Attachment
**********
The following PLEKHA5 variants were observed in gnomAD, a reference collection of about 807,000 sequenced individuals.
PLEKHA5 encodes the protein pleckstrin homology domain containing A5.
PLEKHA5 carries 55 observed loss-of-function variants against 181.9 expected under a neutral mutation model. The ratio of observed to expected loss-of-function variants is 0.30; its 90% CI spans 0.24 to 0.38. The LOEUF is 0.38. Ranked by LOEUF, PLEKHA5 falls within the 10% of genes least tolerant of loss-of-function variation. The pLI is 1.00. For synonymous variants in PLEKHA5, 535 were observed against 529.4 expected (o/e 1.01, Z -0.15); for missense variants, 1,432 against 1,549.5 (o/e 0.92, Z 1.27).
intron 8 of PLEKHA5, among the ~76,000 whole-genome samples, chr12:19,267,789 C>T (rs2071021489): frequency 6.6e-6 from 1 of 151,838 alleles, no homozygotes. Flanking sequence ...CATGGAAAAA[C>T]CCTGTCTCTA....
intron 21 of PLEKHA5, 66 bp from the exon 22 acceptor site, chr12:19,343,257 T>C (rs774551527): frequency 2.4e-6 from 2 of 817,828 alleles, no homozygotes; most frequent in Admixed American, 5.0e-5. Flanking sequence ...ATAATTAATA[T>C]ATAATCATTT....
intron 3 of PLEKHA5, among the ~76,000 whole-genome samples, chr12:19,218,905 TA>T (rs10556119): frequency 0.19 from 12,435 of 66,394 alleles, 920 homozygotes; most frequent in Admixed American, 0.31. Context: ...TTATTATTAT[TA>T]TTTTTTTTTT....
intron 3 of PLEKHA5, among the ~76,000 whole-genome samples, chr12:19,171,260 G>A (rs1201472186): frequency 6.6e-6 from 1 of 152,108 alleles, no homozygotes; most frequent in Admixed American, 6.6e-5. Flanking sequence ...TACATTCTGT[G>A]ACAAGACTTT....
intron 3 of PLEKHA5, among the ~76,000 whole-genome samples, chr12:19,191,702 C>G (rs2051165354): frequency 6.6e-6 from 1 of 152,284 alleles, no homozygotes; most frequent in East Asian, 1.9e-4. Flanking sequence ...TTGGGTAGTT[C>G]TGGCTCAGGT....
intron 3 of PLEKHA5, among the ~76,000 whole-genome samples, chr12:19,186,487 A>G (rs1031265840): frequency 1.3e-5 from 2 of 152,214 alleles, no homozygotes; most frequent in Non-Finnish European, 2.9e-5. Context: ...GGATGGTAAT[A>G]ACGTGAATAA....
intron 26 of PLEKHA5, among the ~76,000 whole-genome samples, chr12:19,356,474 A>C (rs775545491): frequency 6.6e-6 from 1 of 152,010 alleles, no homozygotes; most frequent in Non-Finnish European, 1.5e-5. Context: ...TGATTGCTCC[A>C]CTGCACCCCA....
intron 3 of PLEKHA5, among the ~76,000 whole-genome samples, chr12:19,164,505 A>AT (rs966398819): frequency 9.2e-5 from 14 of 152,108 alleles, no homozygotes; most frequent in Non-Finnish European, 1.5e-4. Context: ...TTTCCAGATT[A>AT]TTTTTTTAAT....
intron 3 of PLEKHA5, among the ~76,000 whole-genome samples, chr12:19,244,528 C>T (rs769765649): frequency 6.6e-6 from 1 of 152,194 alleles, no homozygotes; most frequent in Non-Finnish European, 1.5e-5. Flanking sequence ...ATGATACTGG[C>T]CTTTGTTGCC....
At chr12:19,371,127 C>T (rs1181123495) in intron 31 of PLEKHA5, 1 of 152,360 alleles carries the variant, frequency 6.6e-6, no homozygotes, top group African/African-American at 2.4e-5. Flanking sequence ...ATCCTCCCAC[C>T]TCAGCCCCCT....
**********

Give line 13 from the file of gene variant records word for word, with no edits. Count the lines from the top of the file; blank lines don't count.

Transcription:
At chr12:19,371,127 C>T (rs1181123495) in intron 31 of PLEKHA5, 1 of 152,360 alleles carries the variant, frequency 6.6e-6, no homozygotes, top group African/African-American at 2.4e-5. Flanking sequence ...ATCCTCCCAC[C>T]TCAGCCCCCT....